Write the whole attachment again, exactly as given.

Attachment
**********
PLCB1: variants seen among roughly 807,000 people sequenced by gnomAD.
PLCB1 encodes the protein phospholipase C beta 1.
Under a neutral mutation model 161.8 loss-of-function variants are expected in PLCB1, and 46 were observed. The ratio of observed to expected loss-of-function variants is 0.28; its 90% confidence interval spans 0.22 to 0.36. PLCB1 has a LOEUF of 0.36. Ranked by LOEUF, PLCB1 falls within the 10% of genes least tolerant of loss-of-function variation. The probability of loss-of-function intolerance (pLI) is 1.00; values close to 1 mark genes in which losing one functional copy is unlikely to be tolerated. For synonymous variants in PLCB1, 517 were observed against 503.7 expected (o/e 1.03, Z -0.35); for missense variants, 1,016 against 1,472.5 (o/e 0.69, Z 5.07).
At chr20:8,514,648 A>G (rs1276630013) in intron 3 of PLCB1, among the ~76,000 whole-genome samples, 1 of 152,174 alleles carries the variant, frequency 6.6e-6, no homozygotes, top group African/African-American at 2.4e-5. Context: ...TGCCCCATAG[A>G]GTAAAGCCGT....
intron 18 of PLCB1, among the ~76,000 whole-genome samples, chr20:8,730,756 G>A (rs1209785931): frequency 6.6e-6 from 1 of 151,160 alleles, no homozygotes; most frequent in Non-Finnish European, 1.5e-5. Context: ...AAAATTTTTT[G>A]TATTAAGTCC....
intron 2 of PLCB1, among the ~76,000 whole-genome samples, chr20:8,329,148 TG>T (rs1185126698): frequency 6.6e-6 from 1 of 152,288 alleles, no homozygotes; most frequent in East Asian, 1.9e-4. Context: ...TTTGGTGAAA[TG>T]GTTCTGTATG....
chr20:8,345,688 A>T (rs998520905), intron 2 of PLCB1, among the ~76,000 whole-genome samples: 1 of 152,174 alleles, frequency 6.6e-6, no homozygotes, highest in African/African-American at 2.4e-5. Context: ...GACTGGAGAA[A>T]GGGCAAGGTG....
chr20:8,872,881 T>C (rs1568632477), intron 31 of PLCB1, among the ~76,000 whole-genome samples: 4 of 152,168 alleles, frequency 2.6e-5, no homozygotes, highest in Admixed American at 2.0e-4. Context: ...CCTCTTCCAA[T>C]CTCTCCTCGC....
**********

PLCB1: variants seen among roughly 807,000 people sequenced by gnomAD.
PLCB1 encodes the protein phospholipase C beta 1.
Under a neutral mutation model 161.8 loss-of-function variants are expected in PLCB1, and 46 were observed. The ratio of observed to expected loss-of-function variants is 0.28; its 90% confidence interval spans 0.22 to 0.36. PLCB1 has a LOEUF of 0.36. Ranked by LOEUF, PLCB1 falls within the 10% of genes least tolerant of loss-of-function variation. The probability of loss-of-function intolerance (pLI) is 1.00; values close to 1 mark genes in which losing one functional copy is unlikely to be tolerated. For synonymous variants in PLCB1, 517 were observed against 503.7 expected (o/e 1.03, Z -0.35); for missense variants, 1,016 against 1,472.5 (o/e 0.69, Z 5.07).
At chr20:8,514,648 A>G (rs1276630013) in intron 3 of PLCB1, among the ~76,000 whole-genome samples, 1 of 152,174 alleles carries the variant, frequency 6.6e-6, no homozygotes, top group African/African-American at 2.4e-5. Context: ...TGCCCCATAG[A>G]GTAAAGCCGT....
intron 18 of PLCB1, among the ~76,000 whole-genome samples, chr20:8,730,756 G>A (rs1209785931): frequency 6.6e-6 from 1 of 151,160 alleles, no homozygotes; most frequent in Non-Finnish European, 1.5e-5. Context: ...AAAATTTTTT[G>A]TATTAAGTCC....
intron 2 of PLCB1, among the ~76,000 whole-genome samples, chr20:8,329,148 TG>T (rs1185126698): frequency 6.6e-6 from 1 of 152,288 alleles, no homozygotes; most frequent in East Asian, 1.9e-4. Context: ...TTTGGTGAAA[TG>T]GTTCTGTATG....
chr20:8,345,688 A>T (rs998520905), intron 2 of PLCB1, among the ~76,000 whole-genome samples: 1 of 152,174 alleles, frequency 6.6e-6, no homozygotes, highest in African/African-American at 2.4e-5. Context: ...GACTGGAGAA[A>T]GGGCAAGGTG....
chr20:8,872,881 T>C (rs1568632477), intron 31 of PLCB1, among the ~76,000 whole-genome samples: 4 of 152,168 alleles, frequency 2.6e-5, no homozygotes, highest in Admixed American at 2.0e-4. Context: ...CCTCTTCCAA[T>C]CTCTCCTCGC....